British Leyland would continue to “hand the industry over on a plate” to its competitors until it introduced a more rational wage bargaining system, Mr Pat Lowry, the group’s personnel director, said yesterday. Delivering the 1975 Nuffield Meemorial Lecture to the Institution of Production Engineers he said that although the number of separate bargaining units had been substantially reduced there were still more than 250.
“Many plants have more than one bargaining unit for hourly-rated employees, in the Castle Bromwich plant there are nine-and the white collar unions bargain separately. An additional and serious complication is that there is no common date for the renewal of agreements.”
Mr Lowry said he now profoundly regretted that BL had not persisted with its 1970 proposals for a joint management-union council. But in 1970 employee participation did not trip so lightly off the tongue as today and the company had unfortunately accepted the union’s rejection.
“With hindsight I am confident that if the council had been established and we had set up the machinery for frequent meetings with the employees’ power base-senior’ shop stewards-we would have been spared at least some of the bitterness and misunderstanding of the next five years.”
On a number of occasions BL had seriously considered recognizing the unofficial Combined Shop Stewards Committee as an alternative to its own rejected proposals. However when this possibility was raised with union officials the company was warned off.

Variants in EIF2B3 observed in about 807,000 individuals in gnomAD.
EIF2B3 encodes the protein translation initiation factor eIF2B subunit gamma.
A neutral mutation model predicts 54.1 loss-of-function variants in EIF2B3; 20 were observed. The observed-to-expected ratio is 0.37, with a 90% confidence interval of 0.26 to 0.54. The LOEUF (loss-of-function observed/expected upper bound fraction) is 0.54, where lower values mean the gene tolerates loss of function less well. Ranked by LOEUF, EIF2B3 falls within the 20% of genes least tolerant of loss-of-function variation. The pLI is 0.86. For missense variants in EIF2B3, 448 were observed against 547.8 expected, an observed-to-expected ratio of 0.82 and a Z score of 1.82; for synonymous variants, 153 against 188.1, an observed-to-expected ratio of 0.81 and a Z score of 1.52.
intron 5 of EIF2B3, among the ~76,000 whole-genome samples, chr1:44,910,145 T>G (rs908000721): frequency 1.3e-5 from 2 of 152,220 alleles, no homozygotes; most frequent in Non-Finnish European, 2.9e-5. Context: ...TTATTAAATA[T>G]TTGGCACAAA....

“The unions themselves did not recognize the combine, and the price the corporation would pay for doing so would be to lose the valuable support and assistance of full time union officials.”
On the much publicized activities of militants he said: “Extremist influences totally dedicated to the destruction of society as we know it have never been totally absent from BL.’ ” But as one of nature’s optimists I take the view that the basic reforms we have introduced, the attitude of principled consistency which our managers are urged to adopt in- grievance handling, the greater understanding, both as a result of our efforts and the Ryder report, that employees now have about the problems of the company and of the motor industry, the new form of ownership and, not least, our proposals for employee participation, together combine to give us hope for the new British Leyland.”